Warwick district councillor Jerry Weber recently attended the Battle of Britain Memorial Service at Nuneaton. These are his reflections on the service and his father Jack’s experience as a pilot in the battle:
The southern shore of Hayling Island can be bitter and desolate in winter. My father and I stood hands in pockets protecting ourselves from the coastal wind and frozen sea spray.
The sea looked dark, dangerous and uninviting. My father pointed out to sea andsaid “that’s where I bailed out.” It was just 300 yards from the shore.
This return journey was in 1980. My father, Jack Weber, had taken me to see the site where he was shot down during the Battle of Britain. I looked across the water and wondered just how terrifying the experience must have been.
On the other hand, there was a matter of fact way that he described it which was typical of many service men and women during the Second World War; modestly and quiet bravery.
Jack, pictured above, was not an ace and did not manage to score a hit throughout the dark days of the summer and autumn of 1940.
Even though, he went on to achieve much in his life after the war, and he was always quietly proud to be “one of the few”.
Jack was shot down just after the official end of the Battle of Britain on October 27. He recorded in his log book that he had seven days sick leave. On the day of his return to duty he was again shot down and this was when he landed in the murky sea off Hayling Island.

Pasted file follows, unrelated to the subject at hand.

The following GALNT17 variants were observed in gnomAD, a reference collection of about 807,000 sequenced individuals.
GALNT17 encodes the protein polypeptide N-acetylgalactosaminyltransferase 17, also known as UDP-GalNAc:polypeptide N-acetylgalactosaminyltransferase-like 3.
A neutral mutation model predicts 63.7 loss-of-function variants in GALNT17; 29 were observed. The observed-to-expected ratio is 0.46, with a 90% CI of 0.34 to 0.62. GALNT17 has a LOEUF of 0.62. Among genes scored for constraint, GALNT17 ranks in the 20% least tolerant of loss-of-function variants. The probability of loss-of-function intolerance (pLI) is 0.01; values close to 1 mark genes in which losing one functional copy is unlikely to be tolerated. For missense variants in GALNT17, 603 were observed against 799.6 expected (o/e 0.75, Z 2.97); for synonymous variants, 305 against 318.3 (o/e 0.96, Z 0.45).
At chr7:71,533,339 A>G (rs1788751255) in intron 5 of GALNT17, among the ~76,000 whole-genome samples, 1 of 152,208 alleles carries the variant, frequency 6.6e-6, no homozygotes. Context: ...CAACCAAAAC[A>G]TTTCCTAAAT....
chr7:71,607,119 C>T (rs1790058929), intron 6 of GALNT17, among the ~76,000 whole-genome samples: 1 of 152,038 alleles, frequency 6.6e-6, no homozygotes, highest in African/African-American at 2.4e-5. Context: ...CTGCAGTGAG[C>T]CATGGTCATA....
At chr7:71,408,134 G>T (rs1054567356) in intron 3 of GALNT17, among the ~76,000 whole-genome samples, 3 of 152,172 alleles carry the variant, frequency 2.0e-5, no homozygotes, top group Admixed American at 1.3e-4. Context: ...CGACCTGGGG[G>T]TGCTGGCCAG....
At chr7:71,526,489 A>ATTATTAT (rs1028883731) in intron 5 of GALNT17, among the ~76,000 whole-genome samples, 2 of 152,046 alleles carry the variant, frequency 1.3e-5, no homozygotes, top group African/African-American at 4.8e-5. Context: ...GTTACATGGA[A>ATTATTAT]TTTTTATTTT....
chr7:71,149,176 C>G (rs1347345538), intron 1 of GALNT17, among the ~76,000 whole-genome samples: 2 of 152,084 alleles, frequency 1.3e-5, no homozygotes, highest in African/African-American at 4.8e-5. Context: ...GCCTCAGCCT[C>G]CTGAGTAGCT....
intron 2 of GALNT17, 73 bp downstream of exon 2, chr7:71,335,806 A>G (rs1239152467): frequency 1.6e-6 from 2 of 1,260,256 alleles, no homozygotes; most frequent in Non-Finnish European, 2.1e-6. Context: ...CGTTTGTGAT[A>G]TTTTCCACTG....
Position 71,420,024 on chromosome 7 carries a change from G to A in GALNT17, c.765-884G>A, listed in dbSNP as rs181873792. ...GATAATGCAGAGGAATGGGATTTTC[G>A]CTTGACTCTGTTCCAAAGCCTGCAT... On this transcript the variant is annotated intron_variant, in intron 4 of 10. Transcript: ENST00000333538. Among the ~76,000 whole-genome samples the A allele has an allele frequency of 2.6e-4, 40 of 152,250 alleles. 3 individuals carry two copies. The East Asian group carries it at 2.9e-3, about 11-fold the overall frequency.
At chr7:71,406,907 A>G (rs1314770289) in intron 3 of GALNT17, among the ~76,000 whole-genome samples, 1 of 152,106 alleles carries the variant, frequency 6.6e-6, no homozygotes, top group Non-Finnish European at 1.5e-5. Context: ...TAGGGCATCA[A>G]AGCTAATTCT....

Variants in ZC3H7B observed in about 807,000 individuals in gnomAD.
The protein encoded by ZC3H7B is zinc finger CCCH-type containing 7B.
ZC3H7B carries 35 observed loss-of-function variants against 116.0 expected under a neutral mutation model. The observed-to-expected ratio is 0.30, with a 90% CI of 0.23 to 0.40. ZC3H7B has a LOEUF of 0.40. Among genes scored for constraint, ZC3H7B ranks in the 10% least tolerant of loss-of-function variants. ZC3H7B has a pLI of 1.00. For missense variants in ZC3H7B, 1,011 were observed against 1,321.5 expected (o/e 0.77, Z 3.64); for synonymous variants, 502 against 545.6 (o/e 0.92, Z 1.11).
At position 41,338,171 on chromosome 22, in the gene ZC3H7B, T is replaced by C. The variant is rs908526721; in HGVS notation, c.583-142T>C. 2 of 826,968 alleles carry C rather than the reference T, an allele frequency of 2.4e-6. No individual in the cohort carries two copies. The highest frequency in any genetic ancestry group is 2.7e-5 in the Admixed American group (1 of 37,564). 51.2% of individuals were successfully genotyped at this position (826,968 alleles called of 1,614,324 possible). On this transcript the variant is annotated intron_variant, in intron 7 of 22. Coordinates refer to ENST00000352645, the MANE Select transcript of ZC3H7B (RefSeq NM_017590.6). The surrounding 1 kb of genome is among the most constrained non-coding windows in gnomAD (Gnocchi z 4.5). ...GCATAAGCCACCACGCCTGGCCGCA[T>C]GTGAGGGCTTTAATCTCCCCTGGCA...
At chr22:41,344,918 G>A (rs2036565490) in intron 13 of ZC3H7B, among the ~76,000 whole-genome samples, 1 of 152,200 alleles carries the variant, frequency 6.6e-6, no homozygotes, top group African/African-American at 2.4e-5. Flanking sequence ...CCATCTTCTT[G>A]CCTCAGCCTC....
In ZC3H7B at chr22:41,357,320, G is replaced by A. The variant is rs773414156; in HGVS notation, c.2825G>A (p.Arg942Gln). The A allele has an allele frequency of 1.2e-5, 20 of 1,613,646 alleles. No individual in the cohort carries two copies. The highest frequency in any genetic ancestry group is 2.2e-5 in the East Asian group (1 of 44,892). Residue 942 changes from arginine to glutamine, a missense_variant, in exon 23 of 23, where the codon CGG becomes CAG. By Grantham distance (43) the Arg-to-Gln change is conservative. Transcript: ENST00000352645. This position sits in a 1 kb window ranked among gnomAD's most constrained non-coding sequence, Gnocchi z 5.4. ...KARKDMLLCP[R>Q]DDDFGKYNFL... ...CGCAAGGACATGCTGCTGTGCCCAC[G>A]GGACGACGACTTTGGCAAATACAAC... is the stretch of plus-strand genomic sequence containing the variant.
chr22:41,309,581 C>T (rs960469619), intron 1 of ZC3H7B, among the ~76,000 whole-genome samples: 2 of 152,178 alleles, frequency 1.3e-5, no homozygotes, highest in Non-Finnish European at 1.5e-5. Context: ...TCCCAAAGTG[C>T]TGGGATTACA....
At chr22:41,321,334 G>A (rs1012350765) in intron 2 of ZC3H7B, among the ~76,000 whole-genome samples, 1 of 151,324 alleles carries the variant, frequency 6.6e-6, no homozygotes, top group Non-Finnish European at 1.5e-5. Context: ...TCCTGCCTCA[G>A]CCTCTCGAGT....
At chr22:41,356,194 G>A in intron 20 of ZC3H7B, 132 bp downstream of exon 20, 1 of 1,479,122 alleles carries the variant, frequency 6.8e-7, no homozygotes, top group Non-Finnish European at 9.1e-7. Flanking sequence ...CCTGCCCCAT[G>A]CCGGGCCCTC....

He wrote to his brother while he was on sick leave “I was shot down last night and bailed out ‘somewhere in the South’. How I got out of the kite, I will never know. Once I was out I pulled the rip cord and then everything was quiet and peaceful; in fact there was rather a deadly silence after the drone of the engine. So to overcome this strange silence I started singing ‘It’s a Lovely Day Tomorrow’.”
This was the scene that we saw on that winter’s day 40 years after the event.
I was privileged to attend the Battle of Britain Memorial Service. I was there as a personal commemoration to my father. I took with me my father’s flight log books that he gave to me before he died; a lasting memory of a different world. A time that we still fortunately remember today. The highlight of the service was a Spitfire fly past.
Just as the service was coming to a conclusion almost as if by chance the lone aircraft passed across the war memorial. And it came again and again. At that moment, for me, it was almost as if my father had returned and was reliving those exciting, dangerous and momentous days over 70 years ago.